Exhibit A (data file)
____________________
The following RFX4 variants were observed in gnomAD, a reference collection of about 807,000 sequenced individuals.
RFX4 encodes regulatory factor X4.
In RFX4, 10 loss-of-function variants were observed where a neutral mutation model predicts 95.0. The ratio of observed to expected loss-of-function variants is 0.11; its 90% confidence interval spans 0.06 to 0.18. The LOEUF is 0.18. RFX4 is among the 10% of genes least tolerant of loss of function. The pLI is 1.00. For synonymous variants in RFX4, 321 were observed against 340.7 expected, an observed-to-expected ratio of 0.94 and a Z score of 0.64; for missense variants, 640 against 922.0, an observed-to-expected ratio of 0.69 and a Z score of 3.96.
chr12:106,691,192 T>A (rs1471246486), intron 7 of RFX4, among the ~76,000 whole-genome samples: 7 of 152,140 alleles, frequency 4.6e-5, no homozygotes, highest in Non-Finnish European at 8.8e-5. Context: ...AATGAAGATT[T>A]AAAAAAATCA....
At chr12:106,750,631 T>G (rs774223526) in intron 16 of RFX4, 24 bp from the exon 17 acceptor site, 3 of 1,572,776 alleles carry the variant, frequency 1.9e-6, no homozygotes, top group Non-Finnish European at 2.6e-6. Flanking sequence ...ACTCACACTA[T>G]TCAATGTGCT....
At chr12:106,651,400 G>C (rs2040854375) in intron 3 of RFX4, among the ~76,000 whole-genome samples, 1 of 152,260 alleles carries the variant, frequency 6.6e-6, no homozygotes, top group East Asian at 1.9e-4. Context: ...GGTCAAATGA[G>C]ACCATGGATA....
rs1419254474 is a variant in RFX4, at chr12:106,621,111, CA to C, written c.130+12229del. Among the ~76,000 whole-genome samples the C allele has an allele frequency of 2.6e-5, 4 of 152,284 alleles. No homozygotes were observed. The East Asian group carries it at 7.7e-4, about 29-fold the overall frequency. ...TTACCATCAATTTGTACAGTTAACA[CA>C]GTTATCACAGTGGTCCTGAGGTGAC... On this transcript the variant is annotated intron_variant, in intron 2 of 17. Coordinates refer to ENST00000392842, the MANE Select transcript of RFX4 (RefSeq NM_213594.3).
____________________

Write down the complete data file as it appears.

The following RFX4 variants were observed in gnomAD, a reference collection of about 807,000 sequenced individuals.
RFX4 encodes regulatory factor X4.
In RFX4, 10 loss-of-function variants were observed where a neutral mutation model predicts 95.0. The ratio of observed to expected loss-of-function variants is 0.11; its 90% confidence interval spans 0.06 to 0.18. The LOEUF is 0.18. RFX4 is among the 10% of genes least tolerant of loss of function. The pLI is 1.00. For synonymous variants in RFX4, 321 were observed against 340.7 expected, an observed-to-expected ratio of 0.94 and a Z score of 0.64; for missense variants, 640 against 922.0, an observed-to-expected ratio of 0.69 and a Z score of 3.96.
chr12:106,691,192 T>A (rs1471246486), intron 7 of RFX4, among the ~76,000 whole-genome samples: 7 of 152,140 alleles, frequency 4.6e-5, no homozygotes, highest in Non-Finnish European at 8.8e-5. Context: ...AATGAAGATT[T>A]AAAAAAATCA....
At chr12:106,750,631 T>G (rs774223526) in intron 16 of RFX4, 24 bp from the exon 17 acceptor site, 3 of 1,572,776 alleles carry the variant, frequency 1.9e-6, no homozygotes, top group Non-Finnish European at 2.6e-6. Flanking sequence ...ACTCACACTA[T>G]TCAATGTGCT....
At chr12:106,651,400 G>C (rs2040854375) in intron 3 of RFX4, among the ~76,000 whole-genome samples, 1 of 152,260 alleles carries the variant, frequency 6.6e-6, no homozygotes, top group East Asian at 1.9e-4. Context: ...GGTCAAATGA[G>C]ACCATGGATA....
rs1419254474 is a variant in RFX4, at chr12:106,621,111, CA to C, written c.130+12229del. Among the ~76,000 whole-genome samples the C allele has an allele frequency of 2.6e-5, 4 of 152,284 alleles. No homozygotes were observed. The East Asian group carries it at 7.7e-4, about 29-fold the overall frequency. ...TTACCATCAATTTGTACAGTTAACA[CA>C]GTTATCACAGTGGTCCTGAGGTGAC... On this transcript the variant is annotated intron_variant, in intron 2 of 17. Coordinates refer to ENST00000392842, the MANE Select transcript of RFX4 (RefSeq NM_213594.3).